And authorities in Beijing and other cities canceled many public celebrations and other events marking Lunar New Year, which falls on Saturday.

Hospitals in Wuhan grappled with a flood of patients and a lack of supplies. Videos circulating online showed throngs of frantic people in masks lined up for examinations, and some complained that family members had been turned away at hospitals that were at capacity.

Authorities in Wuhan and elsewhere put out calls for medicine, disinfection equipment, masks, goggles, gowns and other protective gear.

Wuhan authorities said they are rapidly constructing a new hospital to deal with the crisis, to be completed Feb. 3. It will be modeled on a SARS hospital that was built in Beijing in just six days during the SARS outbreak.

The seriousness of the crisis was still an open question.

It was not clear just how lethal the virus is, or even whether it is as dangerous as ordinary flu, which kills tens of thousands of people every year in the U.S. alone. Scientists say it is also not clear if it spreads as easily as SARS, its genetic cousin, which also originated in China and killed about 800 people in 2002-03.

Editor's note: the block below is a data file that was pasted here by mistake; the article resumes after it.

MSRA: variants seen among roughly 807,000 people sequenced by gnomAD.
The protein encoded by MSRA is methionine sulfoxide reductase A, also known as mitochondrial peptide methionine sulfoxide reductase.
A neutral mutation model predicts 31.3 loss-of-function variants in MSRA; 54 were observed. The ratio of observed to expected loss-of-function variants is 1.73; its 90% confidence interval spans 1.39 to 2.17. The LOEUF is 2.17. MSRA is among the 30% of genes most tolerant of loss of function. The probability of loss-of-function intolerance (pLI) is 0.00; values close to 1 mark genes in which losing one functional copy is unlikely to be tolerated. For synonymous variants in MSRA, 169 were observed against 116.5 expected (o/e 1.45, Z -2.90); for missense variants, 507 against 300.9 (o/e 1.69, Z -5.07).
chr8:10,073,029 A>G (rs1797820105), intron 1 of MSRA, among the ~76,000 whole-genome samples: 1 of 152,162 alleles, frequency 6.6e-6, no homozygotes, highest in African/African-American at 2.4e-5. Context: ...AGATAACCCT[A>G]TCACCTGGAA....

The rapid increase in reported deaths and illnesses does not necessarily mean the crisis is getting worse. It could instead reflect better monitoring and reporting of the newly discovered virus, whose symptoms can initially resemble those of the cold and flu, including cough, fever and shortness of breath, but can worsen to pneumonia.

‘It’s still too early to draw conclusions about how severe the virus is because at the beginning of any outbreak you would focus more on the severe cases,’ said Tarik Jasarevic, a spokesman for the World Health Organization in Geneva. ‘And then maybe we are missing some mild cases because people will just be a little bit sick and will not have it tested. And they will recover.’